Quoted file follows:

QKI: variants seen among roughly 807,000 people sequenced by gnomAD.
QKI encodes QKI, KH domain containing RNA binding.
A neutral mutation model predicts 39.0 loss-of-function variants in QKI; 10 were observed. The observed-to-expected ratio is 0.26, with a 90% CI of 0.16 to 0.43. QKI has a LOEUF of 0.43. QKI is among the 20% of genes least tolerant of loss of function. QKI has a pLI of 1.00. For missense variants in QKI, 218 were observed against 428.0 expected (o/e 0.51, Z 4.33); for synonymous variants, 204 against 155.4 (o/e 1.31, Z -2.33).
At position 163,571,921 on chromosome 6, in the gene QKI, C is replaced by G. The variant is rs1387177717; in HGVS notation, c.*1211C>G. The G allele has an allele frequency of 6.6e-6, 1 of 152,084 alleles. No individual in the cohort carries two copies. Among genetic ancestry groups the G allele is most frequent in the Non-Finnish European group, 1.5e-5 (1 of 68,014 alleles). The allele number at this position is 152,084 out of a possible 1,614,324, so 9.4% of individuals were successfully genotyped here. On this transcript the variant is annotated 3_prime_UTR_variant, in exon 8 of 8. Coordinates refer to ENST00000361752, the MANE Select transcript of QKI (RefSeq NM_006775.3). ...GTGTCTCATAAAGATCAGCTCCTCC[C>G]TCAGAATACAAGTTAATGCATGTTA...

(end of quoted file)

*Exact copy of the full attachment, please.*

QKI: variants seen among roughly 807,000 people sequenced by gnomAD.
QKI encodes QKI, KH domain containing RNA binding.
A neutral mutation model predicts 39.0 loss-of-function variants in QKI; 10 were observed. The observed-to-expected ratio is 0.26, with a 90% CI of 0.16 to 0.43. QKI has a LOEUF of 0.43. QKI is among the 20% of genes least tolerant of loss of function. QKI has a pLI of 1.00. For missense variants in QKI, 218 were observed against 428.0 expected (o/e 0.51, Z 4.33); for synonymous variants, 204 against 155.4 (o/e 1.31, Z -2.33).
At position 163,571,921 on chromosome 6, in the gene QKI, C is replaced by G. The variant is rs1387177717; in HGVS notation, c.*1211C>G. The G allele has an allele frequency of 6.6e-6, 1 of 152,084 alleles. No individual in the cohort carries two copies. Among genetic ancestry groups the G allele is most frequent in the Non-Finnish European group, 1.5e-5 (1 of 68,014 alleles). The allele number at this position is 152,084 out of a possible 1,614,324, so 9.4% of individuals were successfully genotyped here. On this transcript the variant is annotated 3_prime_UTR_variant, in exon 8 of 8. Coordinates refer to ENST00000361752, the MANE Select transcript of QKI (RefSeq NM_006775.3). ...GTGTCTCATAAAGATCAGCTCCTCC[C>G]TCAGAATACAAGTTAATGCATGTTA...